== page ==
This provides an opportunity to advance the vision of a wellbeing economy, with even more urgency than before the crisis. It has never been more crucial that we focus our systems on delivering wellbeing for all.

Ten Principles to Build Back Better

The COVID-19 pandemic is having devastating effects on vulnerable communities around the world but we are also seeing glimpses of hope, where societies are working to “build back better” by ensuring basic needs and protecting our natural environment.

In a new WEAll briefing paper published today, we outline a set of ten principles for “building back better” toward a wellbeing economy. “Wellbeing economics for the covid-19 recovery”, by Milena Buchs et al, showcases examples of inspiring actions around the world that are moving us towards a wellbeing economy, along with examples of actions that are moving us away from this vision.

 

1. New goals: ecologically safe and environmentally just

Prioritise long-term human wellbeing and ecological stability in all decision-making; degrow and divest from economic sectors that do not contribute to ecological and wellbeing goals; invest in those that do; facilitate a just transition for all that creates jobs in and reskills for environmentally friendly and wellbeing focused sectors.

2. Protecting environmental standards

Protect all existing climate policy and emission reduction targets, environmental regulations and other environmental policies in all COVID-19 responses.

3. Green infrastructure and provisioning

Develop new green infrastructure and provisioning, and sustainable social practices as part of the COVID-19 recovery. For instance, transform urban space towards active travel and away from car use; scale up public transport, green energy, environmentally sustainable food production, low carbon housing; attach environmental conditionality to bailouts of high carbon industries.

4. Universal basic services

Guarantee needs satisfaction for everyone, including through health care coverage for the whole population free of charge at point of access; universal free provision or vouchers for basic levels of water, electricity, gas, housing, food, mobility, education.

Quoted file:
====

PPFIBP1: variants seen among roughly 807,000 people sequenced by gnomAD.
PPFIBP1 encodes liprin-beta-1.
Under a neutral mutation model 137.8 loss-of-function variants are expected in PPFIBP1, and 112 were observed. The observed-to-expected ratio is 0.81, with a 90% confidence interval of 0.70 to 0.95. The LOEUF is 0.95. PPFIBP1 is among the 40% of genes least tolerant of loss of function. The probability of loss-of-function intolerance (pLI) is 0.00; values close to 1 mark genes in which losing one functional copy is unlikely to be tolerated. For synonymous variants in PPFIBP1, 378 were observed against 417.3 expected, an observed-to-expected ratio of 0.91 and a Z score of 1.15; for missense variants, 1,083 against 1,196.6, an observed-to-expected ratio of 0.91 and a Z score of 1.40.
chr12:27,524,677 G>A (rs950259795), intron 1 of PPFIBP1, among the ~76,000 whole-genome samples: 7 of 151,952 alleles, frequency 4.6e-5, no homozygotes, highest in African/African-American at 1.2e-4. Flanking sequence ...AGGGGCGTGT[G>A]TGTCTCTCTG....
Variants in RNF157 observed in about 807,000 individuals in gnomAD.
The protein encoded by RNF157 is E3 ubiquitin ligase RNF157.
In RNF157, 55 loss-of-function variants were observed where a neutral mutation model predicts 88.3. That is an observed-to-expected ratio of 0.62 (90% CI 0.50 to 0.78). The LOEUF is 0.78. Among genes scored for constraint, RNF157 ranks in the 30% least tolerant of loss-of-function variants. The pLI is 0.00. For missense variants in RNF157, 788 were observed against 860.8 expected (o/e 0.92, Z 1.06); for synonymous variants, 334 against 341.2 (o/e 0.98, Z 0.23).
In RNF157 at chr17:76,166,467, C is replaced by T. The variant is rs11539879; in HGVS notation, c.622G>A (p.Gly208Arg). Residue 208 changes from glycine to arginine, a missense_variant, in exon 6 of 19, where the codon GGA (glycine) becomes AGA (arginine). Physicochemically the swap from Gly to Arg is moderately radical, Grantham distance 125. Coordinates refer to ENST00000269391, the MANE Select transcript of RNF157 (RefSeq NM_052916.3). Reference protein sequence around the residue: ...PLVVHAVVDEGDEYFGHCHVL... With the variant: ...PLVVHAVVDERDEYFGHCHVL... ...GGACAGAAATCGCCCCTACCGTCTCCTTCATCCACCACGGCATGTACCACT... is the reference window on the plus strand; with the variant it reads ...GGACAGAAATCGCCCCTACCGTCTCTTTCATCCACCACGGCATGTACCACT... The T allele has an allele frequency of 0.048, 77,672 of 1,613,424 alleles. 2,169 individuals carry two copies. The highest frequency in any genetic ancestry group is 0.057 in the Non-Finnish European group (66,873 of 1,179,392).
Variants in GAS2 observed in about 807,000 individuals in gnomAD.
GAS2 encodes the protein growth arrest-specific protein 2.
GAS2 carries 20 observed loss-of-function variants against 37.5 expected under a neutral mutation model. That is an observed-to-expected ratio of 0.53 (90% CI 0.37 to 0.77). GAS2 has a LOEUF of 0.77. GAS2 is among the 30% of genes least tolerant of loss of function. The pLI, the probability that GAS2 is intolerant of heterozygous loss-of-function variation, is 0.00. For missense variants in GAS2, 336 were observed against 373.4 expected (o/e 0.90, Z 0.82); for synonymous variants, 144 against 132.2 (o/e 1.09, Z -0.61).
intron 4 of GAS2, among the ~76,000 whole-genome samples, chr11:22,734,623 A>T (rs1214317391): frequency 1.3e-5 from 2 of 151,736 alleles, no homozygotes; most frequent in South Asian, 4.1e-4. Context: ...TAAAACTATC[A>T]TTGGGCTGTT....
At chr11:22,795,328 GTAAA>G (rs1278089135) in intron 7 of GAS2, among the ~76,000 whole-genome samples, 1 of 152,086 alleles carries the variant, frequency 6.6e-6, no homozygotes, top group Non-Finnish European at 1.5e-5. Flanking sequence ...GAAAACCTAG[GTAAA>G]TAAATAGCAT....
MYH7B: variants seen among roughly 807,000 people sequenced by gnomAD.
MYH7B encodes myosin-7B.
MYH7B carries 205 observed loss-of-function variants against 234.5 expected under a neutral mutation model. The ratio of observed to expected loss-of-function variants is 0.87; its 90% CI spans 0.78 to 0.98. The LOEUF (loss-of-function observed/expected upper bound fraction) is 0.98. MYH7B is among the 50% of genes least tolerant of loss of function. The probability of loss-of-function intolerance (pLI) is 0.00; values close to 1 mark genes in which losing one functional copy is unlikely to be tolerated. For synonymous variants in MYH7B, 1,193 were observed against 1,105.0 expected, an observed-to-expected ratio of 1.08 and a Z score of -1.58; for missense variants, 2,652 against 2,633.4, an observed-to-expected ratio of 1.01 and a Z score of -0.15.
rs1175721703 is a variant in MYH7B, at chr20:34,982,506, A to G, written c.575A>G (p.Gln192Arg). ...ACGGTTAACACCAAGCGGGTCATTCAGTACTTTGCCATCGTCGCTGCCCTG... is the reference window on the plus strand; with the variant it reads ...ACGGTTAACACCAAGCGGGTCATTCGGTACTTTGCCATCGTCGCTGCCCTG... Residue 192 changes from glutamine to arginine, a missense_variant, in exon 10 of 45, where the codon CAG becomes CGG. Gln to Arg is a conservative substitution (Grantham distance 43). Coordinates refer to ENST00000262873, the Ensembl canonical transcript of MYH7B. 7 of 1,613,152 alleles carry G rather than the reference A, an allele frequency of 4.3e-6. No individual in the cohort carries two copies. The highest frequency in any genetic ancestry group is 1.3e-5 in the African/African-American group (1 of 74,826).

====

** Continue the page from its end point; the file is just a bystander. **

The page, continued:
5. Guaranteed livelihoods

Ensure everyone has the means for decent living, for instance through income and/or job guarantees, redistribution of employment through working-time reduction.

6. Fair distribution

Create more equal societies nationally and globally through a fair distribution of resources and opportunities. E.g. more progressive and environmentally orientated income and wealth taxation; public/common ownership of key resources and infrastructure.

7. Better democracy

Ensure effective, transparent and inclusive democratic processes at all levels; end regulatory capture from corporate interests and corruption.

8. Wellbeing economics organisations

Prioritise in all businesses and organisations social and ecological goals; implement circular economy principles to minimise resource use and waste; ensure economic and organisational democracy.

9. Cooperation

Ensure cooperation and solidarity at all levels, including in international politics and the global economy; across industrial sectors and government ministries; across scales (global, national, regional, local).

10. Public control of money

Introduce public and democratic control of money creation. Spend newly created money on investments that promote social and environmental goals and avoid post-recovery austerity.

What does building back better look like in practice?

There are already great examples around the world of governments starting to employ these principles.

The city of Amsterdam has sped up the adoption of a doughnut economics framework in response to COVID-19 to guide decision making.

New Zealand, Iceland and Scotland are already implementing wellbeing economics principles, through the formation of the Wellbeing Economy Government group, and wellbeing budgets and decision-making frameworks. These countries have also achieved better outcomes in dealing with the COVID-19 crisis.

Of course, other decision makers are opting for business-as-usual, what the WEAll Briefing paper calls a “back to worse” approach. Notably, several governments, including in the US, UK, Australia, Sweden and Denmark have bailed out airlines, without environmental conditions in response to COVID-19.

Download and read the paper for more examples under each of the ten principles of Build Back Better and Back To Worse approaches.

“Building back better” will require great creativity and coordination. Concerted effort is needed to truly value wellbeing and ecological sustainability simultaneously and for all.

New ideas are a crucial ingredient for such an endeavour. We’ve suggested the ten principles above for responding to COVID-19 – and we recognise that this is a unique moment of change. So, we invite you to engage in this discussion as we work to build back better together. Comment below with further suggestions of principles and examples for what this means where you are.